IDOMENI (GREECE) - Thousands of migrants trapped on the Greek-Macedonian border faced a muddy ordeal Tuesday after an overnight downpour left their tents drenched and children coughing miserably.
Over 7,000 people -- many of them stranded in near the Idomeni border crossing for days -- spent a freezing night and awoke under wet canvas among sodden wheat fields.
The weather conditions have already taken a toll on the travellers’ health, and many children could be heard coughing and crying, an AFP correspondent said.
Zineb Hosseini, a Syrian mother of five, said her family was 'freezing'.
'And now the wait begins anew,' she added.
With Austria and Balkan states capping the numbers of migrants entering their soil, there has been a swift build-up along the Greece-Macedonia border with Athens warning that the number of people 'trapped' could reach up to 70,000 by next month.
Greek state agency ANA said another 6,000 people were expected to head to the border area after landing on Aegean islands from neighbouring Turkey.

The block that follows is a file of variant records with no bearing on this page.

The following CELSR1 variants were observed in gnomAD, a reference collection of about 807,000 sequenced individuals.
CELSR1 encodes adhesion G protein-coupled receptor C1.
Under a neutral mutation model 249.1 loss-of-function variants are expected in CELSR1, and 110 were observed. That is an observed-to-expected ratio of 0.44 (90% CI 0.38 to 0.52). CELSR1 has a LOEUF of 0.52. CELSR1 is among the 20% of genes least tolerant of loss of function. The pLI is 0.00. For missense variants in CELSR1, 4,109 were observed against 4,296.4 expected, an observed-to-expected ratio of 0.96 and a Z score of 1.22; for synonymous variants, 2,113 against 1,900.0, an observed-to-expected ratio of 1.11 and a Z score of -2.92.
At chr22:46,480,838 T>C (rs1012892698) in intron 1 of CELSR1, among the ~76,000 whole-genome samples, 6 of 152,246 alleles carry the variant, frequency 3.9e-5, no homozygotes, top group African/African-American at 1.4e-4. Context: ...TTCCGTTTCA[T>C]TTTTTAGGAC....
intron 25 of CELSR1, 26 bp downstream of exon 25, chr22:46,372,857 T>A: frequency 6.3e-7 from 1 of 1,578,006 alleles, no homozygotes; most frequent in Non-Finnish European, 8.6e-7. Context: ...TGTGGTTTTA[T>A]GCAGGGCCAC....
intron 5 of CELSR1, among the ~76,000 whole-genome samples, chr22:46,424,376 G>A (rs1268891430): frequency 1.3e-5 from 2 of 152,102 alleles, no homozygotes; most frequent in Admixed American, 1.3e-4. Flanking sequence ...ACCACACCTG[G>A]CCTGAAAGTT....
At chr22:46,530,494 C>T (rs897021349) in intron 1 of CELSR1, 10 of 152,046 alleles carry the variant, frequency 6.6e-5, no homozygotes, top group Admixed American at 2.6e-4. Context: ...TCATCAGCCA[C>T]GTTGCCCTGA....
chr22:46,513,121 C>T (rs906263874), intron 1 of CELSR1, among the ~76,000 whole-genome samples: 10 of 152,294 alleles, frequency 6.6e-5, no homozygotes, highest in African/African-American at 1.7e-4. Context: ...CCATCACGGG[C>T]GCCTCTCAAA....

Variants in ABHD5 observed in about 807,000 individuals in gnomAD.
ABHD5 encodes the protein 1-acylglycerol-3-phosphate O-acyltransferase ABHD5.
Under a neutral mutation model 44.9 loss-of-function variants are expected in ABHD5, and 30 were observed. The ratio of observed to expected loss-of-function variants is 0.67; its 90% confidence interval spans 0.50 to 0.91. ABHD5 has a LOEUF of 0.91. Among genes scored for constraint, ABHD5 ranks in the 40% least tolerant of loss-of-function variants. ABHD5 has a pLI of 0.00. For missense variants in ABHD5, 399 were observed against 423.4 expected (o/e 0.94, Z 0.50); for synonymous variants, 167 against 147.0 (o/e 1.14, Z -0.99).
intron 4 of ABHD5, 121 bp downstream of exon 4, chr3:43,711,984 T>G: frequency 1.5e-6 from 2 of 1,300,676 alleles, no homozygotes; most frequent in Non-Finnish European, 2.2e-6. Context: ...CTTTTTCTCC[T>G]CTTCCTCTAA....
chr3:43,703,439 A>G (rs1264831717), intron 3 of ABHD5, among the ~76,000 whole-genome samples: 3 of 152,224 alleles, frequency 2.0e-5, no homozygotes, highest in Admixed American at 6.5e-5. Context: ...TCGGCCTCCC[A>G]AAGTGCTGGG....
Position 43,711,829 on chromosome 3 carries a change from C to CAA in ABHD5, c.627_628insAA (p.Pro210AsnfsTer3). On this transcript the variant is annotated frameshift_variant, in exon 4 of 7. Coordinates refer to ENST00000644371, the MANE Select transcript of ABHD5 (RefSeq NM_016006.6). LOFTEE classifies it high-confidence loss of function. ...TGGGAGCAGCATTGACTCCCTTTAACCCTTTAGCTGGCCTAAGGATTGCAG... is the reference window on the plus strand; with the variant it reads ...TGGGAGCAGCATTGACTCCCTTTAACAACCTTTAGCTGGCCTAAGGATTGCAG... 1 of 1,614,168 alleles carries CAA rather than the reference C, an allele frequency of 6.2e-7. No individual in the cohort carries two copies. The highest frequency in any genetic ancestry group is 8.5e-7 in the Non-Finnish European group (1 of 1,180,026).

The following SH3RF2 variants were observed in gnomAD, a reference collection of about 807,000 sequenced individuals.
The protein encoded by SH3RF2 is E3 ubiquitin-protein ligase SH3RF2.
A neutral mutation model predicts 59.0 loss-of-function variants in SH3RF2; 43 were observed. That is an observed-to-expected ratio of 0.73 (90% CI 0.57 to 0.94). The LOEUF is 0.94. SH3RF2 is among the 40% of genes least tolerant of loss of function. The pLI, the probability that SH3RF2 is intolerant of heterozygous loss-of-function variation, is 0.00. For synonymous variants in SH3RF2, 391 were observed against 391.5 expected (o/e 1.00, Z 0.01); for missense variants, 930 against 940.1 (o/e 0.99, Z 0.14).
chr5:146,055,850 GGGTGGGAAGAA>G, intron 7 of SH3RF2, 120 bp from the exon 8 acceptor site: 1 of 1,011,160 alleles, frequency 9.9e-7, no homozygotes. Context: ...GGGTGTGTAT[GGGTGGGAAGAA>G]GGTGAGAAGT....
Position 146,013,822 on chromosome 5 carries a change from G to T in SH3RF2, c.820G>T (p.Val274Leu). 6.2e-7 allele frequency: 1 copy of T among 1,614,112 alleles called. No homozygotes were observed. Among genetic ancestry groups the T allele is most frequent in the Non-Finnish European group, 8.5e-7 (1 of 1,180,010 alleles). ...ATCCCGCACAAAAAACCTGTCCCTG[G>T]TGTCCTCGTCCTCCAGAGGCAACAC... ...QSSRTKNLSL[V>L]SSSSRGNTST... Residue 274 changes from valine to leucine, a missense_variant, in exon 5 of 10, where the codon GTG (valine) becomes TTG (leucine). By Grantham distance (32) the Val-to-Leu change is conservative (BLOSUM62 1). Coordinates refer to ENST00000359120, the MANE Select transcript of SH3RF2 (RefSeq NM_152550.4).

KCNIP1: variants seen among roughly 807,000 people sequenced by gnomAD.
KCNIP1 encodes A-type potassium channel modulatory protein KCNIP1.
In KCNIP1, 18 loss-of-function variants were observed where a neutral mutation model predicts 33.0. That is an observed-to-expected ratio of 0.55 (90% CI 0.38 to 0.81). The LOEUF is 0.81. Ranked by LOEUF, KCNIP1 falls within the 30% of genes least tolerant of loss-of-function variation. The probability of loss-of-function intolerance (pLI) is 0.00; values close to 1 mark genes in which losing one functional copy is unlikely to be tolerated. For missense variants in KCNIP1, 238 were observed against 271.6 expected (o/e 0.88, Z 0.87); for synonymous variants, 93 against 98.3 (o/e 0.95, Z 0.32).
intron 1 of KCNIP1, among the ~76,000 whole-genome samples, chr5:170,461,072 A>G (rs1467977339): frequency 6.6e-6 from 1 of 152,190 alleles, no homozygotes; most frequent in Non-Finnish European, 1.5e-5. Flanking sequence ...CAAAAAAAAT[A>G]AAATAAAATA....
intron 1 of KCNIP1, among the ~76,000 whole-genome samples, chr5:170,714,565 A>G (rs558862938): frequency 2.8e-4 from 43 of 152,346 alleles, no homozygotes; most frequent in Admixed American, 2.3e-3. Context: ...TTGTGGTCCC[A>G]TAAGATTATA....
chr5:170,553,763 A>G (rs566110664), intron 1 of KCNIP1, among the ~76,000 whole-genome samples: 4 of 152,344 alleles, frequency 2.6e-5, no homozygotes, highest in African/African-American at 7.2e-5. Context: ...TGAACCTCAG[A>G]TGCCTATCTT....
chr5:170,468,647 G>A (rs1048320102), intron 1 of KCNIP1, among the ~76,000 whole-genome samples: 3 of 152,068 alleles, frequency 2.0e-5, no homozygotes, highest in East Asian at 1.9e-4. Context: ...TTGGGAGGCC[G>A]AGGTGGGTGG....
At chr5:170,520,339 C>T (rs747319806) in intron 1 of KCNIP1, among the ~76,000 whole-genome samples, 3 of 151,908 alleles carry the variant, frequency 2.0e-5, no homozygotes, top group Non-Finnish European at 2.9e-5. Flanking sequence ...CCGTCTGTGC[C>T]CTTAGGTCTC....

Macedonia allowed 300 Syrian and Iraqi refugees on Saturday night and another group of the same size early on Monday before closing the frontier.
Angered by the ongoing closures, hundreds of desperate migrants tried to break through the border on Monday, with Macedonian police firing tear gas into a crowd that included children.
At least 30 people required first aid, a medical charity said, while a Macedonian policeman was taken to hospital.
Amnesty International denounced the situation at Idomeni, branding it 'the result of a shameful spate of discriminatory border closures'.
The closures have sharpened divisions in the EU with Germany accusing Austria of triggered a domino effect by saying it would cap asylum requests at 80 per day and allow only 3,200 migrants to cross its territory daily.
A week later, Serbia, Croatia, Macedonia and Slovenia all followed suit, capping daily arrivals at 580.